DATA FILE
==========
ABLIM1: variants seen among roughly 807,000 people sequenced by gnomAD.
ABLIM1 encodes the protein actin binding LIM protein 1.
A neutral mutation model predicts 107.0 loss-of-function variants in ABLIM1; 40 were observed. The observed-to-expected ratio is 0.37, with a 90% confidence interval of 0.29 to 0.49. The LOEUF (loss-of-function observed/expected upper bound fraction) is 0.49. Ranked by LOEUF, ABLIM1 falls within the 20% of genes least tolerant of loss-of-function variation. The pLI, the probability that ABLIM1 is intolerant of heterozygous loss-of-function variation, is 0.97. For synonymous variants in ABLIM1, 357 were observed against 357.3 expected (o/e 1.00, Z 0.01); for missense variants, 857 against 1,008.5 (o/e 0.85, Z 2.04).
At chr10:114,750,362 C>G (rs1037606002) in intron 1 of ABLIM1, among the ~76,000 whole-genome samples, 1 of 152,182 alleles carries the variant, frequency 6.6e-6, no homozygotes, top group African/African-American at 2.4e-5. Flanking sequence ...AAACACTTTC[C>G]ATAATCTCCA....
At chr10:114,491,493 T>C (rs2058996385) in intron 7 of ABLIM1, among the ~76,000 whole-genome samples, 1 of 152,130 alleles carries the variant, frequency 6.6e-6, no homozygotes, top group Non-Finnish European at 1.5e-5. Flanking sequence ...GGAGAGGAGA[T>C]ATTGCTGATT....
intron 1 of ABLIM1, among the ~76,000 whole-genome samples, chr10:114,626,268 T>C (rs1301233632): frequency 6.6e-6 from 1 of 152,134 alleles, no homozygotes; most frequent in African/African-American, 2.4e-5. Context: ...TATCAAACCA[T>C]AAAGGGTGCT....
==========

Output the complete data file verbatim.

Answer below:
ABLIM1: variants seen among roughly 807,000 people sequenced by gnomAD.
ABLIM1 encodes the protein actin binding LIM protein 1.
A neutral mutation model predicts 107.0 loss-of-function variants in ABLIM1; 40 were observed. The observed-to-expected ratio is 0.37, with a 90% confidence interval of 0.29 to 0.49. The LOEUF (loss-of-function observed/expected upper bound fraction) is 0.49. Ranked by LOEUF, ABLIM1 falls within the 20% of genes least tolerant of loss-of-function variation. The pLI, the probability that ABLIM1 is intolerant of heterozygous loss-of-function variation, is 0.97. For synonymous variants in ABLIM1, 357 were observed against 357.3 expected (o/e 1.00, Z 0.01); for missense variants, 857 against 1,008.5 (o/e 0.85, Z 2.04).
At chr10:114,750,362 C>G (rs1037606002) in intron 1 of ABLIM1, among the ~76,000 whole-genome samples, 1 of 152,182 alleles carries the variant, frequency 6.6e-6, no homozygotes, top group African/African-American at 2.4e-5. Flanking sequence ...AAACACTTTC[C>G]ATAATCTCCA....
At chr10:114,491,493 T>C (rs2058996385) in intron 7 of ABLIM1, among the ~76,000 whole-genome samples, 1 of 152,130 alleles carries the variant, frequency 6.6e-6, no homozygotes, top group Non-Finnish European at 1.5e-5. Flanking sequence ...GGAGAGGAGA[T>C]ATTGCTGATT....
intron 1 of ABLIM1, among the ~76,000 whole-genome samples, chr10:114,626,268 T>C (rs1301233632): frequency 6.6e-6 from 1 of 152,134 alleles, no homozygotes; most frequent in African/African-American, 2.4e-5. Context: ...TATCAAACCA[T>C]AAAGGGTGCT....